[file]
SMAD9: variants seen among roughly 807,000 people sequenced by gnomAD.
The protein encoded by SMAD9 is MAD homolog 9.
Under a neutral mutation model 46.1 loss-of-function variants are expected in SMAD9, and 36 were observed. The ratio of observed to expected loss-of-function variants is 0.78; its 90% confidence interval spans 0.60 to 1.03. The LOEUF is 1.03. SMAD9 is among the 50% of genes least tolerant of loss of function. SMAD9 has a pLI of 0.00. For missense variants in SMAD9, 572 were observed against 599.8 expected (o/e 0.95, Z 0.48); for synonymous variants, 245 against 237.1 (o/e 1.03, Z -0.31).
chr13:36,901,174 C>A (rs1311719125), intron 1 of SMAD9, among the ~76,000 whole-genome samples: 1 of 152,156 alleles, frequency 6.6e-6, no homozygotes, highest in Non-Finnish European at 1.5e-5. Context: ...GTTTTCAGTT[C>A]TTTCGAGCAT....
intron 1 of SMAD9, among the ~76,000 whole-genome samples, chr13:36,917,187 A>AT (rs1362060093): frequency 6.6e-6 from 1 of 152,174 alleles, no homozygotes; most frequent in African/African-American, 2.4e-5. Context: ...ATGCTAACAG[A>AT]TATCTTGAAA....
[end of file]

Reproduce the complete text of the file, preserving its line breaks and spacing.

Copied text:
SMAD9: variants seen among roughly 807,000 people sequenced by gnomAD.
The protein encoded by SMAD9 is MAD homolog 9.
Under a neutral mutation model 46.1 loss-of-function variants are expected in SMAD9, and 36 were observed. The ratio of observed to expected loss-of-function variants is 0.78; its 90% confidence interval spans 0.60 to 1.03. The LOEUF is 1.03. SMAD9 is among the 50% of genes least tolerant of loss of function. SMAD9 has a pLI of 0.00. For missense variants in SMAD9, 572 were observed against 599.8 expected (o/e 0.95, Z 0.48); for synonymous variants, 245 against 237.1 (o/e 1.03, Z -0.31).
chr13:36,901,174 C>A (rs1311719125), intron 1 of SMAD9, among the ~76,000 whole-genome samples: 1 of 152,156 alleles, frequency 6.6e-6, no homozygotes, highest in Non-Finnish European at 1.5e-5. Context: ...GTTTTCAGTT[C>A]TTTCGAGCAT....
intron 1 of SMAD9, among the ~76,000 whole-genome samples, chr13:36,917,187 A>AT (rs1362060093): frequency 6.6e-6 from 1 of 152,174 alleles, no homozygotes; most frequent in African/African-American, 2.4e-5. Context: ...ATGCTAACAG[A>AT]TATCTTGAAA....